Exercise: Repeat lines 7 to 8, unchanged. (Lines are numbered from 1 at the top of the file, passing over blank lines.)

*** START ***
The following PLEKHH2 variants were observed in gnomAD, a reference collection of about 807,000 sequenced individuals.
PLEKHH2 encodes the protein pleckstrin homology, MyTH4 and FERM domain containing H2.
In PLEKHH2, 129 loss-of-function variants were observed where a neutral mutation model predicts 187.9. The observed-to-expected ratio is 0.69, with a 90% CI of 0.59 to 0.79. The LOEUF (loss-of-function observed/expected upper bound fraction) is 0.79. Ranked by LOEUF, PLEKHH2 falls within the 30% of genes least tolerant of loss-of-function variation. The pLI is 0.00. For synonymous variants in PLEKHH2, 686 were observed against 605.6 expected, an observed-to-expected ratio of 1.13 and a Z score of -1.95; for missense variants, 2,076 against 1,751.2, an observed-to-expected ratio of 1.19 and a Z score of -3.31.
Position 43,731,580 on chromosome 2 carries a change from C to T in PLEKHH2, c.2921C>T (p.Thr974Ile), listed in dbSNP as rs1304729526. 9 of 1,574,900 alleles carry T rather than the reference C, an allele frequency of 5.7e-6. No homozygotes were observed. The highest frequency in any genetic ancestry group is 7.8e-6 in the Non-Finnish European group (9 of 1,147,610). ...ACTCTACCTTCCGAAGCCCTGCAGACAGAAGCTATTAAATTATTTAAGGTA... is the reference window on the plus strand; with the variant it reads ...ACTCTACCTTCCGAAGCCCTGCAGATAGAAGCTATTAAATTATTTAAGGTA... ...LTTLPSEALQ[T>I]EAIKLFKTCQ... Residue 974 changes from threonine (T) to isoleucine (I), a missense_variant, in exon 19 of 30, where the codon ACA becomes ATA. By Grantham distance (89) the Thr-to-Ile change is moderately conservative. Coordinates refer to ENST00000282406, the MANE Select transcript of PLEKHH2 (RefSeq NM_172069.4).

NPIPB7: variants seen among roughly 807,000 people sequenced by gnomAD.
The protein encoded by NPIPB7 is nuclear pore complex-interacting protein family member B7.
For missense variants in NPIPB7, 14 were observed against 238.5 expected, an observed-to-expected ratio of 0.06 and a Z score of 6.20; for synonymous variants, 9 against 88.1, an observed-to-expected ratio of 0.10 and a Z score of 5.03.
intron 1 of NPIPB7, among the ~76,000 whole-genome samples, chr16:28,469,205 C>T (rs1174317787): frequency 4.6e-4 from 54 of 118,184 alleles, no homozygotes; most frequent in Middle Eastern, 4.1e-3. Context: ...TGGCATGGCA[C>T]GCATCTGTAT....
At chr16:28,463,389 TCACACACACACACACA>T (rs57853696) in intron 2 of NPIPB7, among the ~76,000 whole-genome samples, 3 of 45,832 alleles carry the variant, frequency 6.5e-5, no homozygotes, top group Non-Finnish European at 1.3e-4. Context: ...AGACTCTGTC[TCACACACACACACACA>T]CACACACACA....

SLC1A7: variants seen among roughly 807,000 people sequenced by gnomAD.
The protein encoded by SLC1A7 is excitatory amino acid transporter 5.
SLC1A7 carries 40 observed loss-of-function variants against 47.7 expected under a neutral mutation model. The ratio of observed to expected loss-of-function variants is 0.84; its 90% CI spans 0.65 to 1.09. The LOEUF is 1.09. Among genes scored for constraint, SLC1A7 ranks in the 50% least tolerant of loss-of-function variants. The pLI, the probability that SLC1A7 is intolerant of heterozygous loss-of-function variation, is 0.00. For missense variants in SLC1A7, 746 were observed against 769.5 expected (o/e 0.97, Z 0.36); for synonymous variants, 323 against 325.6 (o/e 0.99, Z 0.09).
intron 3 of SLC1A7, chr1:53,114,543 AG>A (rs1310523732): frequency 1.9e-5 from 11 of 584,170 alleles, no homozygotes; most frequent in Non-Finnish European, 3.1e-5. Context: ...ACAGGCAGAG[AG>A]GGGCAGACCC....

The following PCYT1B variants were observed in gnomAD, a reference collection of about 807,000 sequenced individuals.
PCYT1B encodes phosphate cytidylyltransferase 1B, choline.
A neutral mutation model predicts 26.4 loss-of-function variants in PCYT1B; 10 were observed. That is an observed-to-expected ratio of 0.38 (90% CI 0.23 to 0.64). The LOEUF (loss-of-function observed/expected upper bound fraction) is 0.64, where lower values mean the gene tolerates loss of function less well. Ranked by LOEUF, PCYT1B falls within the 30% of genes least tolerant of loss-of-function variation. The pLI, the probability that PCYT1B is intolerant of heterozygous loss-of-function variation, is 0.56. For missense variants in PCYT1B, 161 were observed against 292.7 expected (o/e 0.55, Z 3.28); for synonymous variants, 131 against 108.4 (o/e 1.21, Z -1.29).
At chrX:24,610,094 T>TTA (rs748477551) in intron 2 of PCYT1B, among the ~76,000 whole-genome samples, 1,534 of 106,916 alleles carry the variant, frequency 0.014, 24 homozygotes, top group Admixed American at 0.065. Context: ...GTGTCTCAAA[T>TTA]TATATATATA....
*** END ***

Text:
For missense variants in NPIPB7, 14 were observed against 238.5 expected, an observed-to-expected ratio of 0.06 and a Z score of 6.20; for synonymous variants, 9 against 88.1, an observed-to-expected ratio of 0.10 and a Z score of 5.03.
intron 1 of NPIPB7, among the ~76,000 whole-genome samples, chr16:28,469,205 C>T (rs1174317787): frequency 4.6e-4 from 54 of 118,184 alleles, no homozygotes; most frequent in Middle Eastern, 4.1e-3. Context: ...TGGCATGGCA[C>T]GCATCTGTAT....